Iraqi Election Feared as Means to Institutionalize Lebanon’s Hezbollah Model

by Staff writer, SF
The Iraqi parliamentary elections are scheduled for May 12th. Their outcome may end the trajectory seen under the current leadership. Some worry that these elections will institutionalize Lebanon’s Hezbollah model in Iraq.

Similar to Lebanon’s, the political system in Iraq is prone to deadlocks, paralysis, and behind the stage machinations, according to Manuel Almeida in his article for Track Persia, a Platform run by dedicated analysts who spend much of their time researching the Middle East.

Key political posts are not allocated on a sectarian basis by Iraq’s constitution of 2005, but the positions of president, prime minister, and speaker of parliament are held by Shiites, Kurds, and Sunnis respectively. Iran’s a role in Iraq today is as influential as the one played by Lebanon in Syria.

An opportunity for Iran to expand its political and strategic leverage came with the fight against Daesh. The Popular Mobilization Units helped push back Daesh, but the PMU is an armed Shiite movement. Its militias, gathered together under the umbrella of the PMU, have ties to Iran’s Islamic Revolutionary Guard Corps (IRGC).

In early March, following the progress in the fight against Daesh, Iraq’s Prime Minister Haider Abadi approved a decree to formalize the PMU’s inclusion into Iraq’s security forces. Shiite cleric Muqtada Al-Sadr called on his fighters to return all weapons provided by the government and hand over territory to Iraq’s regular security forces in a televised speech last year. He said that they must operate under the Iraqi army and their weapons must be state-controlled.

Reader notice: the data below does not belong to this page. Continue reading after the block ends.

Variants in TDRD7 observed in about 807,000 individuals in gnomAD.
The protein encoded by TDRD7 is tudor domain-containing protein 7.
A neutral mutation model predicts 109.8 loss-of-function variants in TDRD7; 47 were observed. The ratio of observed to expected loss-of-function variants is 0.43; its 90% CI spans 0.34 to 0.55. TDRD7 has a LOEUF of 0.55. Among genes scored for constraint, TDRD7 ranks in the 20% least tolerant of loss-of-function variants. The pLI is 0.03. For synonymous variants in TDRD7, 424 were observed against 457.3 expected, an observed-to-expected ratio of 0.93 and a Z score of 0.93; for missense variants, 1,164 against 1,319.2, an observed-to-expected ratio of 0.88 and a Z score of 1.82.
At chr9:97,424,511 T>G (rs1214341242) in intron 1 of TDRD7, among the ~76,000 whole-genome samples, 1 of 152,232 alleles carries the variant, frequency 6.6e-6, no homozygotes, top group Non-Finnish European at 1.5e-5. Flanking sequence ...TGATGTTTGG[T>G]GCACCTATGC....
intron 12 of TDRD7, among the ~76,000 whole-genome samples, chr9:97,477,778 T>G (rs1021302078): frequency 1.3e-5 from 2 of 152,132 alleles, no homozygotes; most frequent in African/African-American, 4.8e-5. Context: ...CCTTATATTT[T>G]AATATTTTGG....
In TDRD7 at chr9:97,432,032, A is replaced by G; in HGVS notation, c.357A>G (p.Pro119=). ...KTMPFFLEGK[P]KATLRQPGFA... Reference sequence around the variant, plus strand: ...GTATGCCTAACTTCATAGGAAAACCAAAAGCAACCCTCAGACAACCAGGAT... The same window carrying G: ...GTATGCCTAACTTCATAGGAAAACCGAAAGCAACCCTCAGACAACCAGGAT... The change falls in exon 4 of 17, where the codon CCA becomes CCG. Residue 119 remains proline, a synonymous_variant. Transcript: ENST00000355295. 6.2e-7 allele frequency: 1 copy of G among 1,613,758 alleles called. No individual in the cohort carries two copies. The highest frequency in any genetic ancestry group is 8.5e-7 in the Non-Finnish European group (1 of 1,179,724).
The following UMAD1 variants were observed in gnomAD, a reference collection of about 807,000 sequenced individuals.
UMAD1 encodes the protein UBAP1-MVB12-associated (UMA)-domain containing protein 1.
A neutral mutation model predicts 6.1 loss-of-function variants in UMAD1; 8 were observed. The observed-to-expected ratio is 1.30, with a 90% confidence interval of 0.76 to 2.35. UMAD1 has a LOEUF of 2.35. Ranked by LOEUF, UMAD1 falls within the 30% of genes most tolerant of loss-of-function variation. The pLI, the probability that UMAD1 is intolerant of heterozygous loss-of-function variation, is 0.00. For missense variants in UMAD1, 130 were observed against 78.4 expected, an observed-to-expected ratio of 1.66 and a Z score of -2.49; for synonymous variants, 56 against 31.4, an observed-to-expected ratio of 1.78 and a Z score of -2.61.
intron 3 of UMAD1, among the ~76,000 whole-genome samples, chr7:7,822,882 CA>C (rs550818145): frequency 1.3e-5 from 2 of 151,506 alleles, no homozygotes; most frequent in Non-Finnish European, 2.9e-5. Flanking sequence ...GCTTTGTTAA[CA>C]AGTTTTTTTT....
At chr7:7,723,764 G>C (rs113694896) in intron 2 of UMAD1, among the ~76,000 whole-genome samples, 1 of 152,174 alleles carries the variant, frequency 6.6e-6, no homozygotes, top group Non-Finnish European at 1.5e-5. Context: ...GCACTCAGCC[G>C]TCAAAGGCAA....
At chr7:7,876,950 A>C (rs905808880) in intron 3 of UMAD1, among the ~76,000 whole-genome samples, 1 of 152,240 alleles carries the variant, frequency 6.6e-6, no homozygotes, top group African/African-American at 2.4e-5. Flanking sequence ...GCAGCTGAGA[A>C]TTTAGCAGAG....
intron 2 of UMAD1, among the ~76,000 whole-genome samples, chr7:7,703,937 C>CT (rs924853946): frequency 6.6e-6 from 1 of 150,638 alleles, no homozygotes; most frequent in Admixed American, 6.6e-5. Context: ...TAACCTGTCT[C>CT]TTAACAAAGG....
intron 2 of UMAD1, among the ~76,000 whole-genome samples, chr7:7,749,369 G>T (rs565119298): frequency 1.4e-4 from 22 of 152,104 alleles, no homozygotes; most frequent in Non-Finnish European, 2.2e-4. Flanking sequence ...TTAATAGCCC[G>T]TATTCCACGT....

However, it is clear this process will not be all-encompassing. The spokesman for Asa’ib Ahl Al-Haq, one of the militias with close ties to the IRGC, rejected integration into Iraq’s security forces, but welcomed the salaries and benefits guaranteed by March’s decree. Now, it seems that the Iraqi state is paying armed groups that are loyal to a foreign government.

Almeida calls the short-lived electoral alliance between Abadi and the leaders of some hard-line militias proof of the growing political strength of these groups. “Even more so when considering Abadi has proved his independence time and again, has voiced his opposition to Iran’s meddling in Iraqi affairs and has pursued a national reconstruction and reconciliation project,” he wrote.

Yet, Iraqi nationalism is alive and well, as witnessed by the rapid unravelling of the alliance following a widespread outcry from Iraqis. Still, a substantial number of PMU leaders are expected to be on the ticket in May.

However the elections go, the Iraqi militias who are loyal to Tehran will not have the control in Iraq that Hezbollah has in Lebanon. Iraqi territory is more than 40 times the size of Lebanon, and it is occupied by other powerful groups.

It is concerning, though, that political leverage by PMU leaders can push the Iraqi state to advance Tehran’s agenda, and undermine the Iraqi state’s sovereignty.